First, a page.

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Surface also ranks highly in customer satisfaction. 98% of Surface Pro 4 users and Surface Book users say they are satisfied with their device*, and our Surface Laptop and new Surface Pro continue to get rave reviews.

This is also vague. Microsoft bases this “on a January -June 2017 study of consumers in the US, UK, Germany, France, China, Japan, and Australia, conducted by research company IPSOS, commissioned by Microsoft.”

The firm does not say how many customers were surveyed at this time, and it doesn’t do wonders for the perception that Google’s first auto suggestion for the term IPSOS Survey is  “IPSOS Survey Scam.”   In addition, I speak from experience when I say “rave reviews” which take up two to three weeks of use at most cannot be used as an indicator of any form of long term quality unless said reviewers continue to use Surfaces regularly post-review period. Most reviewers do not and prefer to use traditional laptops for work. At most, a review can only tell you whether said device is worth buying over other devices, long-term, it’s a dice roll.

In my anecdotal use of a Surface Pro device over three years (Replaced twice for hardware issues), sold when it worked, it worked, When it didn’t work, you wanted to toss it out the window.

If Microsoft intends to fight statistics with statistics, the firm is doing a poor job of it so far.

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A part of being product makers is listening to our customers and pushing ourselves to evolve and improve with every generation of devices we create. We’re forever seeking innovation, encouraging positive change. It’s what we do, and what our customers do, but I can promise you one thing that will never change is our commitment to our customers and our dedication to ensuring your Surface experience only gets better.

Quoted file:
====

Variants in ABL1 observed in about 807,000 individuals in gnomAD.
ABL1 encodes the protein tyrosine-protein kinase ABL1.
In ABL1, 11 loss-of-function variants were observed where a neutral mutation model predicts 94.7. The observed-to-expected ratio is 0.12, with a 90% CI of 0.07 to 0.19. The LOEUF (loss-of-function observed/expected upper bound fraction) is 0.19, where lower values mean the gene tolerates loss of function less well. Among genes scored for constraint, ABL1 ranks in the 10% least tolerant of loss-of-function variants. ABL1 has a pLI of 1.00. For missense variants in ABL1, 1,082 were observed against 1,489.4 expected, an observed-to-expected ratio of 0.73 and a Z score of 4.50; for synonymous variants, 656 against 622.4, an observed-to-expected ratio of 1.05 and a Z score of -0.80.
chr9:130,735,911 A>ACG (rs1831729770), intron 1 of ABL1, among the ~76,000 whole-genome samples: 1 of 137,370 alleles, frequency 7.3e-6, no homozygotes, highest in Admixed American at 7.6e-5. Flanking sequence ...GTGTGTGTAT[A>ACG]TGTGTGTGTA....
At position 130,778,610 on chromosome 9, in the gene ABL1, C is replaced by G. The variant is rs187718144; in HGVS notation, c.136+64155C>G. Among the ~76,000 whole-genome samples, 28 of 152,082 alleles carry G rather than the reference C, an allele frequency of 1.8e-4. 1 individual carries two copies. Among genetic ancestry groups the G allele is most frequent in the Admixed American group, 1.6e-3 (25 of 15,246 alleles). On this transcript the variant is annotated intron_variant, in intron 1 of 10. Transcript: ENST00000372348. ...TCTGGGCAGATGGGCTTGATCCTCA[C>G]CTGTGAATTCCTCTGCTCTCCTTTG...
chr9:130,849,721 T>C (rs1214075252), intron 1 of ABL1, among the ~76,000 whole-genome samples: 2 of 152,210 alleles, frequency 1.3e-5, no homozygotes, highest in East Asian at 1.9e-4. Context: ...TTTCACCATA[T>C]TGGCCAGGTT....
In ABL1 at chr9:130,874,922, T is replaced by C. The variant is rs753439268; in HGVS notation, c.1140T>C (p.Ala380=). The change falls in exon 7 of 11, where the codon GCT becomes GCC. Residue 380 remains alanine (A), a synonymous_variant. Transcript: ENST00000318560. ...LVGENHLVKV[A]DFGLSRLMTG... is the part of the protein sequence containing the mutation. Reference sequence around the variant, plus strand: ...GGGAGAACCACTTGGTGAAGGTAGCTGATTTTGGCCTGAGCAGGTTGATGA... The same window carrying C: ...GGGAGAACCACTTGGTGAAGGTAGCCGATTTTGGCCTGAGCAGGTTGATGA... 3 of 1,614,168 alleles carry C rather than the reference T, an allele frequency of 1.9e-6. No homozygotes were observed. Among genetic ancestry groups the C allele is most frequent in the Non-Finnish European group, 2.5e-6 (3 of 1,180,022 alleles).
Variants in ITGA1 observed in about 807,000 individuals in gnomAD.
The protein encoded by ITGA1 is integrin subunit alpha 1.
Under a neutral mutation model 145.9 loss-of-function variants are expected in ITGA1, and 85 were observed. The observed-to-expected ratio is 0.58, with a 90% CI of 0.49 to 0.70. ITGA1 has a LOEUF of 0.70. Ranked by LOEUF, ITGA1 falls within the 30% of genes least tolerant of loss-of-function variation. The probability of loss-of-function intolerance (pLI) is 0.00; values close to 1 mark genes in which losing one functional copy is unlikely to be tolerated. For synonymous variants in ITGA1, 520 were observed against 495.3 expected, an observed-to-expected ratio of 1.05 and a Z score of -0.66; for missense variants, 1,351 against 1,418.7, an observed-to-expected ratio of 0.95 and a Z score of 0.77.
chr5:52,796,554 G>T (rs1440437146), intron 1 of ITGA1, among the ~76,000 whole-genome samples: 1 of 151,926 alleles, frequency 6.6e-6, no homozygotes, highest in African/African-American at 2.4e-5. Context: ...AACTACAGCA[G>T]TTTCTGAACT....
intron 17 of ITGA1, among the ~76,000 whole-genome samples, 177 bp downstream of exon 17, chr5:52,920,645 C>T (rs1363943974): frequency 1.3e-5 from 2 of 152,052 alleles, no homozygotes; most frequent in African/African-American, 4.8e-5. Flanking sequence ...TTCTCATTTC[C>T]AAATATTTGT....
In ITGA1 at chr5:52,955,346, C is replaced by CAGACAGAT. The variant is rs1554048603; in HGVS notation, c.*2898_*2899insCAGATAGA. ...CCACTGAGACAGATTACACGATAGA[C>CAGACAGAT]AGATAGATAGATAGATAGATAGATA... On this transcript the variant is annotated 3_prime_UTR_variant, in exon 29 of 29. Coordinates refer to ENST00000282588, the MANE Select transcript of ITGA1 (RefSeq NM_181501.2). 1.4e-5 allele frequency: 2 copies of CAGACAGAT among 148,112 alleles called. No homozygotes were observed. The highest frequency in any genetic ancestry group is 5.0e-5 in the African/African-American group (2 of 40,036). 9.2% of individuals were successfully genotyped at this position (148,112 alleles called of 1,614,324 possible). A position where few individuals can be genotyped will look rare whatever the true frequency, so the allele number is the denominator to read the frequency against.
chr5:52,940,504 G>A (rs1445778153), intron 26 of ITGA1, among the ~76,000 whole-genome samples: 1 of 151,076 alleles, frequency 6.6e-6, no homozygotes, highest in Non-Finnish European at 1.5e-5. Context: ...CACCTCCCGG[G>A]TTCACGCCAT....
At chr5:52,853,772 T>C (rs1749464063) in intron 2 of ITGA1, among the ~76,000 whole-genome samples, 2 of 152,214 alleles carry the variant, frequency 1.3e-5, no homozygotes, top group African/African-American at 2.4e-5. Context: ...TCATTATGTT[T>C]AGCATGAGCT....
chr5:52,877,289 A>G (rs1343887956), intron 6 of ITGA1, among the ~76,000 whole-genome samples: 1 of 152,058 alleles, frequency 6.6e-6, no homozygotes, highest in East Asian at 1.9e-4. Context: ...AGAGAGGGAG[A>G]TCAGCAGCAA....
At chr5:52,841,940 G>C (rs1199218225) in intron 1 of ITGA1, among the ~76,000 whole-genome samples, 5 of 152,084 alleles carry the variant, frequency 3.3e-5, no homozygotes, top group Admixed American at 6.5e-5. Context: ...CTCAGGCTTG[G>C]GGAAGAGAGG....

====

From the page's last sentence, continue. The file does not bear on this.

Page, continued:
We are proud of our products and the amazing things our customers are doing with them. We stand firmly behind the quality and reliability of the Surface family of devices, and I can confidently tell you there has never been a better time to buy a Surface.

This is the best iPhone yet. Sorry, wrong company.

I believe Microsoft was between a rock and a hard place here, while the firm would in no way come out and say that “Yes, our devices are unreliable”, its defense of the Surface is a non-defense. It does not provide any numbers to counter the Consumer Reports report. When it does, it is too vague to be useful, or too specific to be helpful.

It’s worth noting that Apple and Consumer Reports also had a “scrap” about device ratings last year, with Consumer Reports testing demonstrating that the MacBook Pro offered significantly less battery life than advertised. Apple did work with consumer reports to fix the issue, leading them to revise their rating, but it's unclear whether Microsoft can do the same, especially in a survey which is long-term in nature.

The best way for Microsoft to fix its Surface perception problem is simply to work harder and maintain reliability. AFter all, with Microsoft controlling everything about this device, it has no one to blame when things go wrong, but itself.